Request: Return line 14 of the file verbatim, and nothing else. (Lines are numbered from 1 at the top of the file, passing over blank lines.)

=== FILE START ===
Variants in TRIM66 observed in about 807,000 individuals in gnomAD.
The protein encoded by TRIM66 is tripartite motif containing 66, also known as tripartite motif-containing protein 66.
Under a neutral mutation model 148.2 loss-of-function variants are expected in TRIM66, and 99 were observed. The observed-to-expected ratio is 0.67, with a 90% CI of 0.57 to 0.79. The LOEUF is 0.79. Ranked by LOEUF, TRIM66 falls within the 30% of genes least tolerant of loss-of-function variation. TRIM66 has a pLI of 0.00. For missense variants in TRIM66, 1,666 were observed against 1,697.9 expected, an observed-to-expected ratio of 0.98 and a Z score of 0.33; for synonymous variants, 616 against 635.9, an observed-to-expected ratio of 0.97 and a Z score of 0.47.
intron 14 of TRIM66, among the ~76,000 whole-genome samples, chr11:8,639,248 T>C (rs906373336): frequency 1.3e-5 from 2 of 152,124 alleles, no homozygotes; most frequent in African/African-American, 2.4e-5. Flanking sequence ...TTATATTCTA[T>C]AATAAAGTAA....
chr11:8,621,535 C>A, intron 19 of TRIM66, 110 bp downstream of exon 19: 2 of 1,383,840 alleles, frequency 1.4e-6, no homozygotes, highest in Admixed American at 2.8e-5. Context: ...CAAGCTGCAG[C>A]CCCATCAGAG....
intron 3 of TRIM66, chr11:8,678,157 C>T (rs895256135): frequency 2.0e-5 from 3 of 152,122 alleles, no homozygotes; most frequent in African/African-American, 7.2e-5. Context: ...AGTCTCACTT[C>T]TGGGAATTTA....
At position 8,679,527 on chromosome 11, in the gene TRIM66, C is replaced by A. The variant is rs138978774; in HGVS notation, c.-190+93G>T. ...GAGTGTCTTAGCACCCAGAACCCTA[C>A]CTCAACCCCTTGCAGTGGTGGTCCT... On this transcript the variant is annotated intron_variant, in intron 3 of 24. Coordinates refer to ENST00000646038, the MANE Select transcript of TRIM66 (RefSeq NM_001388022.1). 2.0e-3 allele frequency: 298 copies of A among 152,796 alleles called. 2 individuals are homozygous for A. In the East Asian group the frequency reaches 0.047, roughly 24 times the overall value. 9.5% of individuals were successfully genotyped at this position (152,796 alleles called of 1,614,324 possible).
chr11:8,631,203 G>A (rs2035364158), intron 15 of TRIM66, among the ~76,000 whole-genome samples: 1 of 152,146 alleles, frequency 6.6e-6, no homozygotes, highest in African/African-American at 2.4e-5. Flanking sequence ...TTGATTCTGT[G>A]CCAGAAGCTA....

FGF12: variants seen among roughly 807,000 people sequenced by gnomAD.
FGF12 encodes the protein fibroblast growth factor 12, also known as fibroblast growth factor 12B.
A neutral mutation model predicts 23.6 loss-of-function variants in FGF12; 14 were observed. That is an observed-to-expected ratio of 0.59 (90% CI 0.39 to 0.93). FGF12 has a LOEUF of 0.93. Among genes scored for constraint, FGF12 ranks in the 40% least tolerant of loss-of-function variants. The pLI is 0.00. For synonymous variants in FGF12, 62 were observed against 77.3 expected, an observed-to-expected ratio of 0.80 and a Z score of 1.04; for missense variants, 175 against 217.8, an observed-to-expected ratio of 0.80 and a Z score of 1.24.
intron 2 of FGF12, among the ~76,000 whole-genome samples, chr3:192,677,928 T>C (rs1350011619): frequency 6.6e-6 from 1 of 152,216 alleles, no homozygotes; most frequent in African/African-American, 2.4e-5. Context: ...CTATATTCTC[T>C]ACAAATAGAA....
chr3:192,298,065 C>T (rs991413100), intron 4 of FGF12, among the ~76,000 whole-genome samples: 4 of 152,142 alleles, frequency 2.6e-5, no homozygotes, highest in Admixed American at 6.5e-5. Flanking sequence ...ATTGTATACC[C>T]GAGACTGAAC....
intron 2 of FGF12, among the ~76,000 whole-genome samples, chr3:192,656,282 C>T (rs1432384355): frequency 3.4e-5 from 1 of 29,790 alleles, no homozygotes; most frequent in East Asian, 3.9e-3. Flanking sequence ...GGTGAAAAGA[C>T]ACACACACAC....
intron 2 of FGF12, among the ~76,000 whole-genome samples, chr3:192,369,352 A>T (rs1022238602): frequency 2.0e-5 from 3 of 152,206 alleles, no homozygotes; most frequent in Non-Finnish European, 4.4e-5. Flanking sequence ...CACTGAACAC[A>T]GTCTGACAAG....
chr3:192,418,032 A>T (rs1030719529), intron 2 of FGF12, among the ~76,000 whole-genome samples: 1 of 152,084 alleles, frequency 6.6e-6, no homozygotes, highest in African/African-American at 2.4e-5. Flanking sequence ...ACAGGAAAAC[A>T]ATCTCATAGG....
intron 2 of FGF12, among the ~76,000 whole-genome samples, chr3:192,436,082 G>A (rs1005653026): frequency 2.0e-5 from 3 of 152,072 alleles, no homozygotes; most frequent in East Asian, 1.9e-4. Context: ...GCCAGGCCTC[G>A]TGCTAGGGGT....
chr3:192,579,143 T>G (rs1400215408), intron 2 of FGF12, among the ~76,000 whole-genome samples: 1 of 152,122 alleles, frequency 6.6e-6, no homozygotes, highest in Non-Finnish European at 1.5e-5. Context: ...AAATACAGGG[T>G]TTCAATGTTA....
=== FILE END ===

intron 2 of FGF12, among the ~76,000 whole-genome samples, chr3:192,656,282 C>T (rs1432384355): frequency 3.4e-5 from 1 of 29,790 alleles, no homozygotes; most frequent in East Asian, 3.9e-3. Flanking sequence ...GGTGAAAAGA[C>T]ACACACACAC....